Are you planning professional development for teachers in your district? Here is a descriptive list of some hot-button training topics that can be used in any grade level or subject area.
Professional Development Topics
The topics below are some of the most current training topics that teachers are requesting at conferences and other professional development meetings. While many training topics are specific to particular subjects, ages, or ability levels, the topics presented here can be applied to classrooms across all grade levels and subject areas. For instance an elementary teacher who seeks to foster more on-task behavior might be interested in professional develop in gamification, maker space, or brain-based teaching. A high school science teacher who wants to push her best students to excel would benefit from training in blended learning, higher order thinking skills, and project-based learning.
Blended learning is the intersection of online instruction and face-to-face teaching.
Teachers in blended classrooms use online instruction to open more time for small group instruction and individual conferencing. It also requires an increased focus on data collection and analysis to make mindful choices about assignments and grouping. Blended learning offers the opportunity to truly differentiate and allows for more student autonomy, but it is a major shift away from traditional, whole group instruction and it requires technology to be available to students.
Gamified classes borrow the mechanics from games to create more engaging learning experiences for students.
These mechanics can be added in a low or high tech ways, but the key to successful implementation is to leverage the power of play to motivate students. A gamified approach means leveraging game elements, such as experience points, levels, avatars, or badges, making this approach to classroom instruction and management one that teachers find valuable, regardless of grade level or availability of resources.
Teachers who use this approach give students lengthy, complex challenges. As students investigate, research, and learn, they develop skills, content knowledge, and the ability to work both independently and collaboratively on a task over an extended period of time. The projects used are often real-world based, which gives the meaning, and they require students to draw upon a variety of skills to complete them. Many teachers who incorporate a project-based approach also pull in a real audience to evaluate student work.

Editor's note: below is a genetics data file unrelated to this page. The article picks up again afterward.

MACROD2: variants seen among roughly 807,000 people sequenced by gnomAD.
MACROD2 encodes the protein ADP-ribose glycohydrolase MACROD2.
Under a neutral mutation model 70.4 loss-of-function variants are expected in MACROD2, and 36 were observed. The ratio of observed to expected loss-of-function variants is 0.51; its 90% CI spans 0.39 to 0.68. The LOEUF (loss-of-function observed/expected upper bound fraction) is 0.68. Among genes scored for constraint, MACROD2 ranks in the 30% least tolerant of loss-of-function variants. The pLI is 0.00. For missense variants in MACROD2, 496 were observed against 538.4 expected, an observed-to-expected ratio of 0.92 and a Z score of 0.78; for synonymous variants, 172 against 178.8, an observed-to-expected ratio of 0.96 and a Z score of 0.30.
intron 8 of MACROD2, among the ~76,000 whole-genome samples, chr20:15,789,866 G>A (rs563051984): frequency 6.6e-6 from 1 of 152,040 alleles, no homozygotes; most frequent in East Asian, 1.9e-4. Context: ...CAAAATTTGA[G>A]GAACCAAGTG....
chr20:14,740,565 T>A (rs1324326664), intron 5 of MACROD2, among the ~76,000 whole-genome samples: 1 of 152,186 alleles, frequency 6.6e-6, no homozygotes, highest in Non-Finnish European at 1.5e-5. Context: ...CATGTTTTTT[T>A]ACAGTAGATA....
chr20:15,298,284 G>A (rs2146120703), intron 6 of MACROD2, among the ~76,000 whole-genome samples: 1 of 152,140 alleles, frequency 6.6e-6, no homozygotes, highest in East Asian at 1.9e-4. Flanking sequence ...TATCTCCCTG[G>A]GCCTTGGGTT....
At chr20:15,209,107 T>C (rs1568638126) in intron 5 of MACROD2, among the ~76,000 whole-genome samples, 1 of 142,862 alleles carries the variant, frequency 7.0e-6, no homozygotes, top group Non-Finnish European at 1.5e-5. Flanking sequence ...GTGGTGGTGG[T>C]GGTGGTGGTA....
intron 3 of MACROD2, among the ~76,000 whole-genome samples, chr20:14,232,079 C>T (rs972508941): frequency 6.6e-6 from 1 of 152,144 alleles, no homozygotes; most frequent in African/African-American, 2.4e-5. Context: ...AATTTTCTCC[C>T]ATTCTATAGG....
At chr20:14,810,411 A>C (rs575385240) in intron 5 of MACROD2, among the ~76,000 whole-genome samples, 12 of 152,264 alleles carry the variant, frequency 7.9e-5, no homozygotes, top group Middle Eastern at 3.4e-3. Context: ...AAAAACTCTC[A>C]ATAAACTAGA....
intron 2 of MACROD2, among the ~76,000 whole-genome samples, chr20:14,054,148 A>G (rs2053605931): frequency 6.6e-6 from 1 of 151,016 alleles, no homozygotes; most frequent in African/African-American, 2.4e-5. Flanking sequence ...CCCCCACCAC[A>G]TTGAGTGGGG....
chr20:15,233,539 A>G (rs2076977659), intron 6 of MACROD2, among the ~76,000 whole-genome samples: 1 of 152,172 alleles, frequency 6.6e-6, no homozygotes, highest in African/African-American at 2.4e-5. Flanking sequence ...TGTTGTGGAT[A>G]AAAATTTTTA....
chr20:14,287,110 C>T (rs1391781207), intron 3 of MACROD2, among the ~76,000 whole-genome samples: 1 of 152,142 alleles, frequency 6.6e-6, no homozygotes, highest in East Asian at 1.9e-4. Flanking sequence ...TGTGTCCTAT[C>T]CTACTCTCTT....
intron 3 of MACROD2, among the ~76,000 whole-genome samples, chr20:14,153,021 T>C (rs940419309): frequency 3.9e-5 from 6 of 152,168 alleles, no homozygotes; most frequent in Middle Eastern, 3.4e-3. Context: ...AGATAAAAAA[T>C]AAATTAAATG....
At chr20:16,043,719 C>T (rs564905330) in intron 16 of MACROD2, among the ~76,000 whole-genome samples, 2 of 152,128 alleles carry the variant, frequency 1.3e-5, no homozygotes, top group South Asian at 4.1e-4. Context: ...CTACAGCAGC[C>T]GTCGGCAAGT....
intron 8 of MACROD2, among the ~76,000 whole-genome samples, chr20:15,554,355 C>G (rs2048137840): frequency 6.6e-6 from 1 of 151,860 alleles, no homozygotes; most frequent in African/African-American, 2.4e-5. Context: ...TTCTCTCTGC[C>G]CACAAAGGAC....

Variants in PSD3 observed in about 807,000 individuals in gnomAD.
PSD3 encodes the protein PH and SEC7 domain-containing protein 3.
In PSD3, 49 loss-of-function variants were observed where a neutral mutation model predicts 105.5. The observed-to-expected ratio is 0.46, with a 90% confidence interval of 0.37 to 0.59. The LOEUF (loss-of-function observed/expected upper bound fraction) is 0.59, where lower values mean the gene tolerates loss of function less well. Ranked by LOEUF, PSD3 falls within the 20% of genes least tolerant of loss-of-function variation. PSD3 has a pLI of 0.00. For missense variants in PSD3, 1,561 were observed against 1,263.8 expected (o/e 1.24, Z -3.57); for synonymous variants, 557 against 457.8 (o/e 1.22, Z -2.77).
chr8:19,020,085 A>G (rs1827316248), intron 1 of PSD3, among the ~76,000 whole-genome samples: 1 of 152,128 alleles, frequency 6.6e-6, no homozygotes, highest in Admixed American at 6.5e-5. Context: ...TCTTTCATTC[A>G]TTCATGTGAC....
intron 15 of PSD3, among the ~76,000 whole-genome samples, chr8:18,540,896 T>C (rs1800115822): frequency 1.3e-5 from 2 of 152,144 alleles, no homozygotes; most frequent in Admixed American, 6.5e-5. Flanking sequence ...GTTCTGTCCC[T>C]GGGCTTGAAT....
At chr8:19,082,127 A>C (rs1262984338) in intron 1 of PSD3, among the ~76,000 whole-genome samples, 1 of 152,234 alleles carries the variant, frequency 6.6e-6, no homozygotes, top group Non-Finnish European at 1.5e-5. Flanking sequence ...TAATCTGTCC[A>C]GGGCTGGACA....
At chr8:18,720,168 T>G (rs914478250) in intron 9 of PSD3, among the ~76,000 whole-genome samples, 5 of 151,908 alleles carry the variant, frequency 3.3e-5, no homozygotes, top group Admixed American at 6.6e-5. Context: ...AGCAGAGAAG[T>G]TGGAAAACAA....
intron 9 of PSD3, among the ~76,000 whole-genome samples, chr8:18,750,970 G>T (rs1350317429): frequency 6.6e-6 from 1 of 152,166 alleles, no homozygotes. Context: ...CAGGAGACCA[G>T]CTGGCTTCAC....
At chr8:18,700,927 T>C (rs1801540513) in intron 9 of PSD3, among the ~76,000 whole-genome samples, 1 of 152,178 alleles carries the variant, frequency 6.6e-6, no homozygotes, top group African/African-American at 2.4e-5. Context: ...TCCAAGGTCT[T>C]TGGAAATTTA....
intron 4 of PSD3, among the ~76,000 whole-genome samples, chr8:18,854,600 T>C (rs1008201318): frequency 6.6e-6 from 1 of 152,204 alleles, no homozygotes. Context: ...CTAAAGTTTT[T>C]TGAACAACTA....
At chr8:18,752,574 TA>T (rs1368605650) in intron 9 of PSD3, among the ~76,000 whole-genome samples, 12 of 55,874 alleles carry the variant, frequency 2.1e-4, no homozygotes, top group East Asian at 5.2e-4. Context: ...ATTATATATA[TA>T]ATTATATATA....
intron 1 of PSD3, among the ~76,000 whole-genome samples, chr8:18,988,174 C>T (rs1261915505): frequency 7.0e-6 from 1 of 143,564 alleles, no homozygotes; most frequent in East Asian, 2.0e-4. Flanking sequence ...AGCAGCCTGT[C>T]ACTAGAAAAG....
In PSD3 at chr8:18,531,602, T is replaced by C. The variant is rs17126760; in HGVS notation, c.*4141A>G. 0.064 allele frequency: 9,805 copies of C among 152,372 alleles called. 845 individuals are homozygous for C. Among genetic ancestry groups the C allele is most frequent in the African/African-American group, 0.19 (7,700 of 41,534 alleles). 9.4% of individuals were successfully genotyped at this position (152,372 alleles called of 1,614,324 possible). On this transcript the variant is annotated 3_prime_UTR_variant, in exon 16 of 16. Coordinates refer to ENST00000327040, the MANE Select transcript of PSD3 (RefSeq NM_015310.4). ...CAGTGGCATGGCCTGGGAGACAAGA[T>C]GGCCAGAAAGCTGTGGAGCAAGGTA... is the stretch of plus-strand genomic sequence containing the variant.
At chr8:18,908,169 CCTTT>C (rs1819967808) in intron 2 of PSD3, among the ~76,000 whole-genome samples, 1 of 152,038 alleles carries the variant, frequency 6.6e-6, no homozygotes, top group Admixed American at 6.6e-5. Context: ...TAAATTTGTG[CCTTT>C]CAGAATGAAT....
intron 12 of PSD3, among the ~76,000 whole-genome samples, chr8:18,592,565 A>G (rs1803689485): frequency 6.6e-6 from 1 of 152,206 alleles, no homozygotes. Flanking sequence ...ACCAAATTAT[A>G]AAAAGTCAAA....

The maker movement is a do-it-yourself approach to engineering in which the students (makers) create, design, prototype, and build.
A maker space is a workshop where students design and build their own products, and these spaces can use low tech supplies like cardboard and glue or high tech devices like laser cutters and 3D printers. Teachers find the maker approach to be a way to introduce invention and problem-solving into the school day.
STEM is an acronym for Science, Technology, Engineering, and Math, and the A in STEAM adds in Art. STEM lessons focus on these areas and their real-world application. There is often an increased hands-on component in lessons/classes that are STEM-centered.
All content areas can incorporate a STEM-focused approach, and this philosophy is being used from elementary to high school.
”Engaging” is a popular buzz word in education, and teachers are looking for ways to hook students and keep them focused on learning. There are a variety of approaches to building more engaging lessons, depending on subject area and grade level, and trainings on this topic might be as diverse as the use of augmented reality to incorporating music in the classroom.
Organizing an efficient and productive classroom has always been a hot topic for professional development. New areas under this umbrella term might also include device management for schools with 1:1 computers or BYOD policies, behavior management and support for at-risk students, or a tiered approach to behavior intervention.
Centers have a long history in the elementary classroom, but they’re seeing increased use in the middle and upper grades. Teachers who haven’t been trained in the use of centers want to learn strategies for implementation and how to manage the transitions while using them. Schools with little technology can use centers to provide more access to students. Centers can also function to support the purposeful use of data to create learning groups.
Many states have adopted cross-curricular literacy standards, so teachers are looking for professional development on how to teach literacy skills in their content area.
Science and social studies teachers in particular have demanded training that specifically fits their subjects.
Current research into how the brain works when learning has influenced teaching practices. Brain-based learning strategies show teachers how to shape their instruction to maximize retention, based on the way their students process information.
These strategies can be incorporated in any classroom, regardless of content or grade.
Higher Order Thinking Skills (HOTS)
As the rigor in state education standards continues to increase, students have to think in more deep and complex ways, and teachers often need additional training to design lessons that will help students develop these coveted skills. Teachers who pursue this training will learn methods of crafting assignments, discussions, and asking questions that raise the bar for their students.